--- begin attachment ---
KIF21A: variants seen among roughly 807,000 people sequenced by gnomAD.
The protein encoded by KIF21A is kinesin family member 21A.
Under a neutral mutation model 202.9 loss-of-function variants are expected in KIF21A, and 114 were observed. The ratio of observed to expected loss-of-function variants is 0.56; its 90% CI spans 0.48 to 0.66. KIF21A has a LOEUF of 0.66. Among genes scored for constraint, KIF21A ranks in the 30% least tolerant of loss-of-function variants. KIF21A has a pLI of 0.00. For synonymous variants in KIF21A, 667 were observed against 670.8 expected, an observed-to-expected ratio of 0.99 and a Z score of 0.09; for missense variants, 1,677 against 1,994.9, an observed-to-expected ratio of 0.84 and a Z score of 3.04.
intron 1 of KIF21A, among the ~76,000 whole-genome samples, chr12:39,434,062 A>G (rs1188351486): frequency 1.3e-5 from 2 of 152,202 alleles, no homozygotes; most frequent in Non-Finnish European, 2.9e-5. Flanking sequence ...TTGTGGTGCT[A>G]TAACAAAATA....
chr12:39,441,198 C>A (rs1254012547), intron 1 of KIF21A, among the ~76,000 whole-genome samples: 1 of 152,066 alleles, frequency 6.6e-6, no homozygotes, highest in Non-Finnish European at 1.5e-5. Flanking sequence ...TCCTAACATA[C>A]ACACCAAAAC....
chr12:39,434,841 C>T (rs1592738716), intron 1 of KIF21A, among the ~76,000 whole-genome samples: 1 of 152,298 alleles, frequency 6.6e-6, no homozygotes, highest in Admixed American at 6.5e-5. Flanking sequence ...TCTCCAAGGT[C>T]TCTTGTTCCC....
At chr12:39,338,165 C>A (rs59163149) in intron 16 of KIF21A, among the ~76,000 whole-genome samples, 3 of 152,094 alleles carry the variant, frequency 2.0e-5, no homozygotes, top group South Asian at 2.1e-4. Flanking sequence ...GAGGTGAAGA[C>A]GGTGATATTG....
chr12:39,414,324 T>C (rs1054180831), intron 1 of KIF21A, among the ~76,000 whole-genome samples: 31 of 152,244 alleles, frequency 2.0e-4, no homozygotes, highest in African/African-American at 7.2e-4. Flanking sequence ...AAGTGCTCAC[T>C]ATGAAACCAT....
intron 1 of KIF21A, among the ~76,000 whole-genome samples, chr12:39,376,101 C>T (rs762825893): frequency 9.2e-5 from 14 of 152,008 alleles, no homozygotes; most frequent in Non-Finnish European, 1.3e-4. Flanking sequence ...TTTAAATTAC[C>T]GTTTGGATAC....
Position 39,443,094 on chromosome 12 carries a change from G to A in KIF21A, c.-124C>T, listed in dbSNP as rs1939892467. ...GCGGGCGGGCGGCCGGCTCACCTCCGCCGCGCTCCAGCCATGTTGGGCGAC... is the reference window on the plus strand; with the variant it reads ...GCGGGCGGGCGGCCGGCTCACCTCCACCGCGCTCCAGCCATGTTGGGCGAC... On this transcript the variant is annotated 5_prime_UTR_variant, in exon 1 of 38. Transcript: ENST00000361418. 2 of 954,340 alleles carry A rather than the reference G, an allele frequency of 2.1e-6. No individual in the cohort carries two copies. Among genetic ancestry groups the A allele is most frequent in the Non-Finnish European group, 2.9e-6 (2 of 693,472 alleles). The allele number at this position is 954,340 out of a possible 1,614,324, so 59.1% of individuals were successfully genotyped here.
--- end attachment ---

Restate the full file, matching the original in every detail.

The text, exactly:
KIF21A: variants seen among roughly 807,000 people sequenced by gnomAD.
The protein encoded by KIF21A is kinesin family member 21A.
Under a neutral mutation model 202.9 loss-of-function variants are expected in KIF21A, and 114 were observed. The ratio of observed to expected loss-of-function variants is 0.56; its 90% CI spans 0.48 to 0.66. KIF21A has a LOEUF of 0.66. Among genes scored for constraint, KIF21A ranks in the 30% least tolerant of loss-of-function variants. KIF21A has a pLI of 0.00. For synonymous variants in KIF21A, 667 were observed against 670.8 expected, an observed-to-expected ratio of 0.99 and a Z score of 0.09; for missense variants, 1,677 against 1,994.9, an observed-to-expected ratio of 0.84 and a Z score of 3.04.
intron 1 of KIF21A, among the ~76,000 whole-genome samples, chr12:39,434,062 A>G (rs1188351486): frequency 1.3e-5 from 2 of 152,202 alleles, no homozygotes; most frequent in Non-Finnish European, 2.9e-5. Flanking sequence ...TTGTGGTGCT[A>G]TAACAAAATA....
chr12:39,441,198 C>A (rs1254012547), intron 1 of KIF21A, among the ~76,000 whole-genome samples: 1 of 152,066 alleles, frequency 6.6e-6, no homozygotes, highest in Non-Finnish European at 1.5e-5. Flanking sequence ...TCCTAACATA[C>A]ACACCAAAAC....
chr12:39,434,841 C>T (rs1592738716), intron 1 of KIF21A, among the ~76,000 whole-genome samples: 1 of 152,298 alleles, frequency 6.6e-6, no homozygotes, highest in Admixed American at 6.5e-5. Flanking sequence ...TCTCCAAGGT[C>T]TCTTGTTCCC....
At chr12:39,338,165 C>A (rs59163149) in intron 16 of KIF21A, among the ~76,000 whole-genome samples, 3 of 152,094 alleles carry the variant, frequency 2.0e-5, no homozygotes, top group South Asian at 2.1e-4. Flanking sequence ...GAGGTGAAGA[C>A]GGTGATATTG....
chr12:39,414,324 T>C (rs1054180831), intron 1 of KIF21A, among the ~76,000 whole-genome samples: 31 of 152,244 alleles, frequency 2.0e-4, no homozygotes, highest in African/African-American at 7.2e-4. Flanking sequence ...AAGTGCTCAC[T>C]ATGAAACCAT....
intron 1 of KIF21A, among the ~76,000 whole-genome samples, chr12:39,376,101 C>T (rs762825893): frequency 9.2e-5 from 14 of 152,008 alleles, no homozygotes; most frequent in Non-Finnish European, 1.3e-4. Flanking sequence ...TTTAAATTAC[C>T]GTTTGGATAC....
Position 39,443,094 on chromosome 12 carries a change from G to A in KIF21A, c.-124C>T, listed in dbSNP as rs1939892467. ...GCGGGCGGGCGGCCGGCTCACCTCCGCCGCGCTCCAGCCATGTTGGGCGAC... is the reference window on the plus strand; with the variant it reads ...GCGGGCGGGCGGCCGGCTCACCTCCACCGCGCTCCAGCCATGTTGGGCGAC... On this transcript the variant is annotated 5_prime_UTR_variant, in exon 1 of 38. Transcript: ENST00000361418. 2 of 954,340 alleles carry A rather than the reference G, an allele frequency of 2.1e-6. No individual in the cohort carries two copies. Among genetic ancestry groups the A allele is most frequent in the Non-Finnish European group, 2.9e-6 (2 of 693,472 alleles). The allele number at this position is 954,340 out of a possible 1,614,324, so 59.1% of individuals were successfully genotyped here.